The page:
cost, insurance and freight

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Cost, Insurance and Freight

A CPT involving ocean freight. In a CIF, the seller is responsible for paying for shipping and providing a minimum amount of insurance coverage up to the named port of destination, while the buyer is responsible for the transportation risk beyond the minimum coverage as soon as the good or product is loaded onto the ship. Legally, risk transfers when the good or product crosses the outer rail of the ship. A CIF is similar to a CFR, but also requires the seller to provide minimal insurance. See also: Incoterm.
Farlex Financial Dictionary. © 2012 Farlex, Inc. All Rights Reserved

cost, insurance and freight (c.i.f)

a term used to denote the respective contractual obligations of sellers and buyers of a good which is exported. Under a ci.f. contract, the seller pays the cost of transporting the good to the port of shipment, the loading charges, and the freight charges to the port of destination, plus all insurance cover up to this point. From then on the buyer bears the cost of unloading, transporting, and insuring the good to its final destination. See COST AND FREIGHT, FREE ON BOARD, EXPORTING.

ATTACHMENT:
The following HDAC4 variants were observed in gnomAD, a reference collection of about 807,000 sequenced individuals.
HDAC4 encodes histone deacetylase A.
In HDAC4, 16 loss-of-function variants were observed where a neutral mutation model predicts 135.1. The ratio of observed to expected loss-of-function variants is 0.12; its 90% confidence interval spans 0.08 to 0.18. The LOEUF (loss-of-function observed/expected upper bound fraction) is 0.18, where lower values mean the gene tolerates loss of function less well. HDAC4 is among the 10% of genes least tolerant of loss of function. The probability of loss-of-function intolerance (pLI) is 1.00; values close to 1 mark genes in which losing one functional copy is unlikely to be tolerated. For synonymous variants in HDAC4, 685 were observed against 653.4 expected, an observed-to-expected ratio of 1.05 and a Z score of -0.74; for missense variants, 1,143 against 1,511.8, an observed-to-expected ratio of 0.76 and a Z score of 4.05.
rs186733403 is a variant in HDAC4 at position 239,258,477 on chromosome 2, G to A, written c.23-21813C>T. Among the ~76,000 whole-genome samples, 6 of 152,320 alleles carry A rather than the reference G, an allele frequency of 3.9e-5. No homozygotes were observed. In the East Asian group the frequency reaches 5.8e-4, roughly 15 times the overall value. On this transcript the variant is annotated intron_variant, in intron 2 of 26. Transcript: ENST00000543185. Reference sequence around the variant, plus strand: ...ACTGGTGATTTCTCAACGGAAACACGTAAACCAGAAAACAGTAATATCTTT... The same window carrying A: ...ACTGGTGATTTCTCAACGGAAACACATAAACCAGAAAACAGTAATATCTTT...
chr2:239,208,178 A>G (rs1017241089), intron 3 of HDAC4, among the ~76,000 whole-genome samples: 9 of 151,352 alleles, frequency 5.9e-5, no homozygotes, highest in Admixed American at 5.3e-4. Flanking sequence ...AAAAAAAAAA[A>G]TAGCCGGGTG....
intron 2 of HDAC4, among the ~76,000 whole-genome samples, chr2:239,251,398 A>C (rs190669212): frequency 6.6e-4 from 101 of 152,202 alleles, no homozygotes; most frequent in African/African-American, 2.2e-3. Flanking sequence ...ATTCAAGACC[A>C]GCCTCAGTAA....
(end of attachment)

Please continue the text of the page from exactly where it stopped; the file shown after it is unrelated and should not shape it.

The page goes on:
Collins Dictionary of Business, 3rd ed. © 2002, 2005 C Pass, B Lowes, A Pendleton, L Chadwick, D O’Reilly and M Afferson